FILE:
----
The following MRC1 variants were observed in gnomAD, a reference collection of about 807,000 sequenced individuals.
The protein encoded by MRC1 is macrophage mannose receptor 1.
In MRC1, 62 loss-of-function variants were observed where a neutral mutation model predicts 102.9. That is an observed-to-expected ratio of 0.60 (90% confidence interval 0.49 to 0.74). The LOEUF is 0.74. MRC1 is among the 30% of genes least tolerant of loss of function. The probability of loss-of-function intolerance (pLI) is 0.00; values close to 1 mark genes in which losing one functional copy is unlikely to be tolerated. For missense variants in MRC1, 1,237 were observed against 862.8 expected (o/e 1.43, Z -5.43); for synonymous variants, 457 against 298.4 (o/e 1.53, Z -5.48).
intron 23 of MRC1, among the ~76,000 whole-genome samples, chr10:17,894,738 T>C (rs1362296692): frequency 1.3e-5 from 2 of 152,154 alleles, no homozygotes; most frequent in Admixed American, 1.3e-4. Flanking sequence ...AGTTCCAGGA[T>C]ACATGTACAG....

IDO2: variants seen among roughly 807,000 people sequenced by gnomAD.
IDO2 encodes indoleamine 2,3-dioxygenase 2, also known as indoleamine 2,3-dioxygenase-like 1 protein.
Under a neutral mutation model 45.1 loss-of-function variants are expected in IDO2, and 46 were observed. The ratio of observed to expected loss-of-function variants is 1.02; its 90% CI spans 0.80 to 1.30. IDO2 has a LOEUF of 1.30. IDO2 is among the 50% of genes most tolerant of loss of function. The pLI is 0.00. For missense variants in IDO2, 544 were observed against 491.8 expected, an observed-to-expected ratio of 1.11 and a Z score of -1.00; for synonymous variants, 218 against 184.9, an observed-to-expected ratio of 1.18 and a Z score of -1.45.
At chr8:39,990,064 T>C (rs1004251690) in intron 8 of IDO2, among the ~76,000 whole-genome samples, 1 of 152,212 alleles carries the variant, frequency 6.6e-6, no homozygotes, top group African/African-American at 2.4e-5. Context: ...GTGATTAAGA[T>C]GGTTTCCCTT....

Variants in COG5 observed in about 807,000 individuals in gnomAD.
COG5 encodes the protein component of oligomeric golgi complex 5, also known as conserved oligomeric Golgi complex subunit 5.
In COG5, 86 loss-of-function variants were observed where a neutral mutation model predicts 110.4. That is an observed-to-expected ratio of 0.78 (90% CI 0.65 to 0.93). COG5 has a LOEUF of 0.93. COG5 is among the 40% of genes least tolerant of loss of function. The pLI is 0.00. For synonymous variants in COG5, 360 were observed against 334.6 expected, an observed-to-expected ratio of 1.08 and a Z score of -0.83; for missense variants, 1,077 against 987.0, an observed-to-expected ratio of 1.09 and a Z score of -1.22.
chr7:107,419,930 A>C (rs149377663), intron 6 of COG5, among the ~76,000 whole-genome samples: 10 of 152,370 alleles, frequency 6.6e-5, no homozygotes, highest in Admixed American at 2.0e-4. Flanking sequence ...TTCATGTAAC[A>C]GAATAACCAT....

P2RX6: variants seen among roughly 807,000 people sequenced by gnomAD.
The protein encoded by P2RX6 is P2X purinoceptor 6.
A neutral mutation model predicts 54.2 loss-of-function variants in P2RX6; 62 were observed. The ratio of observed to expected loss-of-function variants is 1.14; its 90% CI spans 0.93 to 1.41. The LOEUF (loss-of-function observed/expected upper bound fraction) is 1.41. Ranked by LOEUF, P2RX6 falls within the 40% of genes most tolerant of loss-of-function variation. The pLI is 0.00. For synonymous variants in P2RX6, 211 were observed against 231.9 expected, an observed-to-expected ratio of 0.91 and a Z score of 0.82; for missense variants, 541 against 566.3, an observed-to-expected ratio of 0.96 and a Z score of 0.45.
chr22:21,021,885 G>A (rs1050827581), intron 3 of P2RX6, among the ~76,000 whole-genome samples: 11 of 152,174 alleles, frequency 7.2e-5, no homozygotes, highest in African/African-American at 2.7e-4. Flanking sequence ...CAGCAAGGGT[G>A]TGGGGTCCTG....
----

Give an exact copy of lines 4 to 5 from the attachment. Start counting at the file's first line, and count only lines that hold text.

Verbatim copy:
intron 23 of MRC1, among the ~76,000 whole-genome samples, chr10:17,894,738 T>C (rs1362296692): frequency 1.3e-5 from 2 of 152,154 alleles, no homozygotes; most frequent in Admixed American, 1.3e-4. Flanking sequence ...AGTTCCAGGA[T>C]ACATGTACAG....

IDO2: variants seen among roughly 807,000 people sequenced by gnomAD.